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Britain widens probe into radiation poisoning

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Britain widens probe into radiation poisoning


Several planes are now the focus of a widened British probe into the fatal radiation poisoning of a former Russian spy. British Airways said “very low traces” of a radioactive substance have been found in two of its aircraft. Others are being tested. Britain’s interior minister, Home Secretary John Reid, told parliament the investigation was expanding. “Passenger details will be collected and the health protection agency will contact any individuals if any matters of concern are found. We will be contacting other governments where those planes I have mentioned may have landed in the interim”.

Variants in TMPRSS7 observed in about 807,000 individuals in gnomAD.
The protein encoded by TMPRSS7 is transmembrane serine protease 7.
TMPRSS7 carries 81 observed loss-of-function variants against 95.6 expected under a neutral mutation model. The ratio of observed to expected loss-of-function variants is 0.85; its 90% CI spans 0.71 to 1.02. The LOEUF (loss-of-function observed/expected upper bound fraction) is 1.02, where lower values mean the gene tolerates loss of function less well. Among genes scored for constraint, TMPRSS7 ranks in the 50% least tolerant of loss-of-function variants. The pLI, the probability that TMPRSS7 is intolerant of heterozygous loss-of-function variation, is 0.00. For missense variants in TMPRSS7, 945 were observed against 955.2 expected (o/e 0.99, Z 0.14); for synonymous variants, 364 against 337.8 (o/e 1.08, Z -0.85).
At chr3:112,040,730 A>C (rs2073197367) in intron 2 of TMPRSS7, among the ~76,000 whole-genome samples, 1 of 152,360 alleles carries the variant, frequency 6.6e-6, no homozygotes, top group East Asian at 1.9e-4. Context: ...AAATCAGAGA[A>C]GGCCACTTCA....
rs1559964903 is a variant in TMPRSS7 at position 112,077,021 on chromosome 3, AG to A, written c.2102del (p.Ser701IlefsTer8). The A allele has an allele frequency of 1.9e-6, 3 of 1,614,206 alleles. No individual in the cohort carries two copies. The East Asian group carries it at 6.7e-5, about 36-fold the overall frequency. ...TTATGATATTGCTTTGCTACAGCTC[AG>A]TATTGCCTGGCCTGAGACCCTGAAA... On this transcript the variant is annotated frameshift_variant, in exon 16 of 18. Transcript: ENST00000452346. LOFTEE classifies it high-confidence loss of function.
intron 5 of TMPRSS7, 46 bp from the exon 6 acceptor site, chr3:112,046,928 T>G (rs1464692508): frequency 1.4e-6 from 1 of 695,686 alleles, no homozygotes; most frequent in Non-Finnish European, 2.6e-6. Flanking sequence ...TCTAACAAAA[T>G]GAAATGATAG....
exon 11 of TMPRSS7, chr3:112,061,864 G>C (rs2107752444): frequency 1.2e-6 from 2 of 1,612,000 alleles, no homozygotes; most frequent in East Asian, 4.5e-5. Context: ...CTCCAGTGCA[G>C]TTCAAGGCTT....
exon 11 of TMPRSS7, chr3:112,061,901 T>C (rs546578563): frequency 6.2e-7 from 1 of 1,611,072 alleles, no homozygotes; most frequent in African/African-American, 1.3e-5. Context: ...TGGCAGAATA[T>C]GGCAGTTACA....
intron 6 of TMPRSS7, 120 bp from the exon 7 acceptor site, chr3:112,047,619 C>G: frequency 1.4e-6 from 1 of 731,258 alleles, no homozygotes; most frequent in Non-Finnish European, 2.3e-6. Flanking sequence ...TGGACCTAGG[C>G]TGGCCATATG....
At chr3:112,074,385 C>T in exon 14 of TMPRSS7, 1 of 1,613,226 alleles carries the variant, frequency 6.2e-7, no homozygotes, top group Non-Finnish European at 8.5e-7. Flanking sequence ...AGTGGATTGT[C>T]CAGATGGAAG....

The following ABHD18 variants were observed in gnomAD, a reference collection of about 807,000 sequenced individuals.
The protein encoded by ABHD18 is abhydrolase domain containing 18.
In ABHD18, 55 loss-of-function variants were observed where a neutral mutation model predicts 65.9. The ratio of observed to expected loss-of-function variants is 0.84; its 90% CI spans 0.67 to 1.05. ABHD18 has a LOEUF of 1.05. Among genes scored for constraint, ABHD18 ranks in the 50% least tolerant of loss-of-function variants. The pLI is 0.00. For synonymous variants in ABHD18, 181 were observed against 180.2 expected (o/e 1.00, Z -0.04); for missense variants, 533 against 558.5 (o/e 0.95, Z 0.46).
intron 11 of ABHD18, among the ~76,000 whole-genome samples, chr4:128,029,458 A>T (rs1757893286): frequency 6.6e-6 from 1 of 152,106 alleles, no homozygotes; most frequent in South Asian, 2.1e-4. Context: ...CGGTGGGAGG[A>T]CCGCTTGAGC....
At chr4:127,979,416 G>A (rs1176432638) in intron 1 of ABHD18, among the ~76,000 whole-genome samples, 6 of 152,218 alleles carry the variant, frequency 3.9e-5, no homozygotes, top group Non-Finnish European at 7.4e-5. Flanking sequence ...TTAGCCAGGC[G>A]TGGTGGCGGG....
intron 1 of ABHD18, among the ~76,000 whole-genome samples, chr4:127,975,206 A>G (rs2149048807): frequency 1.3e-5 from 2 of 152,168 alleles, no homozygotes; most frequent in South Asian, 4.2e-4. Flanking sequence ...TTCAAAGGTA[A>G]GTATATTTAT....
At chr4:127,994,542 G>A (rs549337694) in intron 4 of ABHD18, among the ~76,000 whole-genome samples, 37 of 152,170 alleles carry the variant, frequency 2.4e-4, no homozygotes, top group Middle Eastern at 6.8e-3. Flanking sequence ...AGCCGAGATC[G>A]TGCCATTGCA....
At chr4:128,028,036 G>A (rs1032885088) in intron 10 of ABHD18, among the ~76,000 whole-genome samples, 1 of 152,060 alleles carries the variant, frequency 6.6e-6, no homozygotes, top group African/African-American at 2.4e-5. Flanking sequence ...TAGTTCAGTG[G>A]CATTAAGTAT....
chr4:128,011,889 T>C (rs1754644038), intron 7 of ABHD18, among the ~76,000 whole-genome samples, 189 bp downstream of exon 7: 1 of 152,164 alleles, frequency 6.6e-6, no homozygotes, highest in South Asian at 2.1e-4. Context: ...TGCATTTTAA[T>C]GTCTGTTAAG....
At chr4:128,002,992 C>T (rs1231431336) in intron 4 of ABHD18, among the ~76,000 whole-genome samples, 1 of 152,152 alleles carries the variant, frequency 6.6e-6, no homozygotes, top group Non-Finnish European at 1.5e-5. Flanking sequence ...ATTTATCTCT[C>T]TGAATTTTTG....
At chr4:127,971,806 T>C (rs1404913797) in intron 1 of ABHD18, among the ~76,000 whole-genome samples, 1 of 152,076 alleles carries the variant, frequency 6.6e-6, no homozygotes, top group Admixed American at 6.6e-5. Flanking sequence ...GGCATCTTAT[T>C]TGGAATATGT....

Alexander Litvinenko, an outspoken critic of the Kremlin, died in a London hospital after being poisoned with radioactive polonium 210. Reid also said traces of the substance had been found at 12 out of 24 locations being checked by police. Hundreds of people are said to have contacted health services over fears they too may have been contaminated.

But experts say the risk is very low. Professor Alaister Hay said: “If somebody touched polonium, for example if they got it on their hand, the risk would be relatively small, because the radiation generally doesn’t go through the skin, the skin is an effective barrier.” The planes under scrutiny had travelled to Moscow. Reid said Russian authorities had promised to cooperate “at the highest level” in the ongoing investigation. The Kremlin has strongly denied any involvement in the killing.

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